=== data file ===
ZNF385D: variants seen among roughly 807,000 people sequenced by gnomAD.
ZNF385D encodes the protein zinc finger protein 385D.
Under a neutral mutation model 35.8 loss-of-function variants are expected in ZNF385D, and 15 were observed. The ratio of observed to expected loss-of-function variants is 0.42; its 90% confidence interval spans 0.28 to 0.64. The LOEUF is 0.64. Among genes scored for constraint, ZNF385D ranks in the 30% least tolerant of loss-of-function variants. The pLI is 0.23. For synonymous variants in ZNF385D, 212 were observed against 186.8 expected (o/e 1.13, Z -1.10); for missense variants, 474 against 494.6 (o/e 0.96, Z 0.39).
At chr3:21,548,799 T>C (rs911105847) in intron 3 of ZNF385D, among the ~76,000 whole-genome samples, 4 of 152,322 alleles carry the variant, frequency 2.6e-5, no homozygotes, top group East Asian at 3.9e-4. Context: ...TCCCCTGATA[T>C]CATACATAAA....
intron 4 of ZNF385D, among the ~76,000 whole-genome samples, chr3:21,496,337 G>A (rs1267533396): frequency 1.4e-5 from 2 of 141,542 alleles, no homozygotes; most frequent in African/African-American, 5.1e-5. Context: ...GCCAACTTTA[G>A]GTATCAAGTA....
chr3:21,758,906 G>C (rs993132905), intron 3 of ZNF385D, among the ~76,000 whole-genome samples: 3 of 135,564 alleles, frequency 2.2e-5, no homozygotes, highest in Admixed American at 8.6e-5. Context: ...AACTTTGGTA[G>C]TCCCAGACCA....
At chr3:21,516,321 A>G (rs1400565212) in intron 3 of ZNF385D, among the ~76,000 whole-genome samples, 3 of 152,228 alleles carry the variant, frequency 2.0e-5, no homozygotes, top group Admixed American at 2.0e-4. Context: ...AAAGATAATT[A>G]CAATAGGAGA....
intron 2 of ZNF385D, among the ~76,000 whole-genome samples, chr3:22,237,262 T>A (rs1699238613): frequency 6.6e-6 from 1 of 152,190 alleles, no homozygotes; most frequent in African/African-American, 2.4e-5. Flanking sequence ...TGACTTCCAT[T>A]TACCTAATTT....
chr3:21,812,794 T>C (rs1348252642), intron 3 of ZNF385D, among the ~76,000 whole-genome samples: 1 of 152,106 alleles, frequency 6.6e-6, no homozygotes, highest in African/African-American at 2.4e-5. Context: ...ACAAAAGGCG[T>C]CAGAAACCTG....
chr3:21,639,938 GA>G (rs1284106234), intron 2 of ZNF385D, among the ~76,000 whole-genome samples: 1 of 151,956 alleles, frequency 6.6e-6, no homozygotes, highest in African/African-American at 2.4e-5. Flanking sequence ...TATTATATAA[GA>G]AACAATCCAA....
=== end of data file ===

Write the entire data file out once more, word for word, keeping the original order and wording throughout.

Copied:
ZNF385D: variants seen among roughly 807,000 people sequenced by gnomAD.
ZNF385D encodes the protein zinc finger protein 385D.
Under a neutral mutation model 35.8 loss-of-function variants are expected in ZNF385D, and 15 were observed. The ratio of observed to expected loss-of-function variants is 0.42; its 90% confidence interval spans 0.28 to 0.64. The LOEUF is 0.64. Among genes scored for constraint, ZNF385D ranks in the 30% least tolerant of loss-of-function variants. The pLI is 0.23. For synonymous variants in ZNF385D, 212 were observed against 186.8 expected (o/e 1.13, Z -1.10); for missense variants, 474 against 494.6 (o/e 0.96, Z 0.39).
At chr3:21,548,799 T>C (rs911105847) in intron 3 of ZNF385D, among the ~76,000 whole-genome samples, 4 of 152,322 alleles carry the variant, frequency 2.6e-5, no homozygotes, top group East Asian at 3.9e-4. Context: ...TCCCCTGATA[T>C]CATACATAAA....
intron 4 of ZNF385D, among the ~76,000 whole-genome samples, chr3:21,496,337 G>A (rs1267533396): frequency 1.4e-5 from 2 of 141,542 alleles, no homozygotes; most frequent in African/African-American, 5.1e-5. Context: ...GCCAACTTTA[G>A]GTATCAAGTA....
chr3:21,758,906 G>C (rs993132905), intron 3 of ZNF385D, among the ~76,000 whole-genome samples: 3 of 135,564 alleles, frequency 2.2e-5, no homozygotes, highest in Admixed American at 8.6e-5. Context: ...AACTTTGGTA[G>C]TCCCAGACCA....
At chr3:21,516,321 A>G (rs1400565212) in intron 3 of ZNF385D, among the ~76,000 whole-genome samples, 3 of 152,228 alleles carry the variant, frequency 2.0e-5, no homozygotes, top group Admixed American at 2.0e-4. Context: ...AAAGATAATT[A>G]CAATAGGAGA....
intron 2 of ZNF385D, among the ~76,000 whole-genome samples, chr3:22,237,262 T>A (rs1699238613): frequency 6.6e-6 from 1 of 152,190 alleles, no homozygotes; most frequent in African/African-American, 2.4e-5. Flanking sequence ...TGACTTCCAT[T>A]TACCTAATTT....
chr3:21,812,794 T>C (rs1348252642), intron 3 of ZNF385D, among the ~76,000 whole-genome samples: 1 of 152,106 alleles, frequency 6.6e-6, no homozygotes, highest in African/African-American at 2.4e-5. Context: ...ACAAAAGGCG[T>C]CAGAAACCTG....
chr3:21,639,938 GA>G (rs1284106234), intron 2 of ZNF385D, among the ~76,000 whole-genome samples: 1 of 151,956 alleles, frequency 6.6e-6, no homozygotes, highest in African/African-American at 2.4e-5. Flanking sequence ...TATTATATAA[GA>G]AACAATCCAA....